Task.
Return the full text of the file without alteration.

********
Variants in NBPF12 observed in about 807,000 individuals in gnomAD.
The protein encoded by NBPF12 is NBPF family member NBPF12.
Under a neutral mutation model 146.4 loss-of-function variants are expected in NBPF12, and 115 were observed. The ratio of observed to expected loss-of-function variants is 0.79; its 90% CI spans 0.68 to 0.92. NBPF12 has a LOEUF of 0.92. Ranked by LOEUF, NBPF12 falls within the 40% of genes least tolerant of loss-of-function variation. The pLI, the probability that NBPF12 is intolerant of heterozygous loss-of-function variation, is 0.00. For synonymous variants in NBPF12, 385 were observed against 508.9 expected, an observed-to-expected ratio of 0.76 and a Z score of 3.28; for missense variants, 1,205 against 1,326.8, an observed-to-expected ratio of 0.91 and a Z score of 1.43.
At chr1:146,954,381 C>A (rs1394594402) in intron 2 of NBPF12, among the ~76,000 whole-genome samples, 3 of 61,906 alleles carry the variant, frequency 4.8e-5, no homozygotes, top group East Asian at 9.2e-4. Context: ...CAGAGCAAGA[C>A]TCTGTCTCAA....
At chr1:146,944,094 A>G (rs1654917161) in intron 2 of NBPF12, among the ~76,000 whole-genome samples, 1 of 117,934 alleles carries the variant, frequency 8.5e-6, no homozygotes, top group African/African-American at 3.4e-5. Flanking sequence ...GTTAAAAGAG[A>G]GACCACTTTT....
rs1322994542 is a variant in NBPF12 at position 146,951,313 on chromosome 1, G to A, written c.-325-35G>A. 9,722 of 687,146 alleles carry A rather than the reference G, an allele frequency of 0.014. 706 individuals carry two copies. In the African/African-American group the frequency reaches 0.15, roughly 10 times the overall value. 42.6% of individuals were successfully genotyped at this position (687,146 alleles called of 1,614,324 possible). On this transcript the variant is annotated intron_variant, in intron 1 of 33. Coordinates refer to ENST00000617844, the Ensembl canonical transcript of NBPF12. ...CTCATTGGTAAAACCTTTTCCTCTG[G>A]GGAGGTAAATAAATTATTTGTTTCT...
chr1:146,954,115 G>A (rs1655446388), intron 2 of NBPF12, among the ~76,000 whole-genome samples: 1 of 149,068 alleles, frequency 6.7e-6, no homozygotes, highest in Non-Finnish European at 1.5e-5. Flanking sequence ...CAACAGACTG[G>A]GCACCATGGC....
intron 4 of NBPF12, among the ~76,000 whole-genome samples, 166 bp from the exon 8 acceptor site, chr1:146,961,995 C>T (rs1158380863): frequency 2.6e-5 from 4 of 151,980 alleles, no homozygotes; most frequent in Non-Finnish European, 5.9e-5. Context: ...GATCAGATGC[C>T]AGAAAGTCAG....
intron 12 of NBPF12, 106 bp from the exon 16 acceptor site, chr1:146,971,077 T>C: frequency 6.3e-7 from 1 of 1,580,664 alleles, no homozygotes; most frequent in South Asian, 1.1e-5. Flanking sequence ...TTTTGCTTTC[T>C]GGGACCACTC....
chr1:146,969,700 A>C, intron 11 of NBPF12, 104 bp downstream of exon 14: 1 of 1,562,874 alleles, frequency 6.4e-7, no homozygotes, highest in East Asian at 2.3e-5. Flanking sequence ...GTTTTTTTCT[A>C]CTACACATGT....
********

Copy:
Variants in NBPF12 observed in about 807,000 individuals in gnomAD.
The protein encoded by NBPF12 is NBPF family member NBPF12.
Under a neutral mutation model 146.4 loss-of-function variants are expected in NBPF12, and 115 were observed. The ratio of observed to expected loss-of-function variants is 0.79; its 90% CI spans 0.68 to 0.92. NBPF12 has a LOEUF of 0.92. Ranked by LOEUF, NBPF12 falls within the 40% of genes least tolerant of loss-of-function variation. The pLI, the probability that NBPF12 is intolerant of heterozygous loss-of-function variation, is 0.00. For synonymous variants in NBPF12, 385 were observed against 508.9 expected, an observed-to-expected ratio of 0.76 and a Z score of 3.28; for missense variants, 1,205 against 1,326.8, an observed-to-expected ratio of 0.91 and a Z score of 1.43.
At chr1:146,954,381 C>A (rs1394594402) in intron 2 of NBPF12, among the ~76,000 whole-genome samples, 3 of 61,906 alleles carry the variant, frequency 4.8e-5, no homozygotes, top group East Asian at 9.2e-4. Context: ...CAGAGCAAGA[C>A]TCTGTCTCAA....
At chr1:146,944,094 A>G (rs1654917161) in intron 2 of NBPF12, among the ~76,000 whole-genome samples, 1 of 117,934 alleles carries the variant, frequency 8.5e-6, no homozygotes, top group African/African-American at 3.4e-5. Flanking sequence ...GTTAAAAGAG[A>G]GACCACTTTT....
rs1322994542 is a variant in NBPF12 at position 146,951,313 on chromosome 1, G to A, written c.-325-35G>A. 9,722 of 687,146 alleles carry A rather than the reference G, an allele frequency of 0.014. 706 individuals carry two copies. In the African/African-American group the frequency reaches 0.15, roughly 10 times the overall value. 42.6% of individuals were successfully genotyped at this position (687,146 alleles called of 1,614,324 possible). On this transcript the variant is annotated intron_variant, in intron 1 of 33. Coordinates refer to ENST00000617844, the Ensembl canonical transcript of NBPF12. ...CTCATTGGTAAAACCTTTTCCTCTG[G>A]GGAGGTAAATAAATTATTTGTTTCT...
chr1:146,954,115 G>A (rs1655446388), intron 2 of NBPF12, among the ~76,000 whole-genome samples: 1 of 149,068 alleles, frequency 6.7e-6, no homozygotes, highest in Non-Finnish European at 1.5e-5. Flanking sequence ...CAACAGACTG[G>A]GCACCATGGC....
intron 4 of NBPF12, among the ~76,000 whole-genome samples, 166 bp from the exon 8 acceptor site, chr1:146,961,995 C>T (rs1158380863): frequency 2.6e-5 from 4 of 151,980 alleles, no homozygotes; most frequent in Non-Finnish European, 5.9e-5. Context: ...GATCAGATGC[C>T]AGAAAGTCAG....
intron 12 of NBPF12, 106 bp from the exon 16 acceptor site, chr1:146,971,077 T>C: frequency 6.3e-7 from 1 of 1,580,664 alleles, no homozygotes; most frequent in South Asian, 1.1e-5. Flanking sequence ...TTTTGCTTTC[T>C]GGGACCACTC....
chr1:146,969,700 A>C, intron 11 of NBPF12, 104 bp downstream of exon 14: 1 of 1,562,874 alleles, frequency 6.4e-7, no homozygotes, highest in East Asian at 2.3e-5. Flanking sequence ...GTTTTTTTCT[A>C]CTACACATGT....